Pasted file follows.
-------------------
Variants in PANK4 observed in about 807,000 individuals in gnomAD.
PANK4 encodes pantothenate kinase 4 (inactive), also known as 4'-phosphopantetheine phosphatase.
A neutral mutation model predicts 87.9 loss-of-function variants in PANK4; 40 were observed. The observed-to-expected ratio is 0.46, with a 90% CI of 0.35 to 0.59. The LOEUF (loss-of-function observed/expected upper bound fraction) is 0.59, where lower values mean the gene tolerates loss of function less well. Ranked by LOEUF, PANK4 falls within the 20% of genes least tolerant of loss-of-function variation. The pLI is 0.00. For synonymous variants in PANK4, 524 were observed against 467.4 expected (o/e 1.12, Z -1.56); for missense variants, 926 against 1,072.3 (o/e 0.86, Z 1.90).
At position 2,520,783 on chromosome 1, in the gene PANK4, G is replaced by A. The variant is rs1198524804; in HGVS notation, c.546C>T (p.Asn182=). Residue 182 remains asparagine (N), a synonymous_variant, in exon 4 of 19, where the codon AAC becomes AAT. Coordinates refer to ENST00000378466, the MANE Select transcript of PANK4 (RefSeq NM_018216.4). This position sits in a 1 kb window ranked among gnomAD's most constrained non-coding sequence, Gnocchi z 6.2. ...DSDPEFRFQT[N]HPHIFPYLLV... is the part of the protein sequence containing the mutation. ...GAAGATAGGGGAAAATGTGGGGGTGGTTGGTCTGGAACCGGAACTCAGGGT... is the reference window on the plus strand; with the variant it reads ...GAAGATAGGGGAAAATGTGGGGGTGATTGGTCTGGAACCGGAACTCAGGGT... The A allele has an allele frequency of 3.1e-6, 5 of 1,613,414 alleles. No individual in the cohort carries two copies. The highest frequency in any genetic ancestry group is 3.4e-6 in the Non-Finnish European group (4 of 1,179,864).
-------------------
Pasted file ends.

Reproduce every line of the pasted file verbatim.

Variants in PANK4 observed in about 807,000 individuals in gnomAD.
PANK4 encodes pantothenate kinase 4 (inactive), also known as 4'-phosphopantetheine phosphatase.
A neutral mutation model predicts 87.9 loss-of-function variants in PANK4; 40 were observed. The observed-to-expected ratio is 0.46, with a 90% CI of 0.35 to 0.59. The LOEUF (loss-of-function observed/expected upper bound fraction) is 0.59, where lower values mean the gene tolerates loss of function less well. Ranked by LOEUF, PANK4 falls within the 20% of genes least tolerant of loss-of-function variation. The pLI is 0.00. For synonymous variants in PANK4, 524 were observed against 467.4 expected (o/e 1.12, Z -1.56); for missense variants, 926 against 1,072.3 (o/e 0.86, Z 1.90).
At position 2,520,783 on chromosome 1, in the gene PANK4, G is replaced by A. The variant is rs1198524804; in HGVS notation, c.546C>T (p.Asn182=). Residue 182 remains asparagine (N), a synonymous_variant, in exon 4 of 19, where the codon AAC becomes AAT. Coordinates refer to ENST00000378466, the MANE Select transcript of PANK4 (RefSeq NM_018216.4). This position sits in a 1 kb window ranked among gnomAD's most constrained non-coding sequence, Gnocchi z 6.2. ...DSDPEFRFQT[N]HPHIFPYLLV... is the part of the protein sequence containing the mutation. ...GAAGATAGGGGAAAATGTGGGGGTGGTTGGTCTGGAACCGGAACTCAGGGT... is the reference window on the plus strand; with the variant it reads ...GAAGATAGGGGAAAATGTGGGGGTGATTGGTCTGGAACCGGAACTCAGGGT... The A allele has an allele frequency of 3.1e-6, 5 of 1,613,414 alleles. No individual in the cohort carries two copies. The highest frequency in any genetic ancestry group is 3.4e-6 in the Non-Finnish European group (4 of 1,179,864).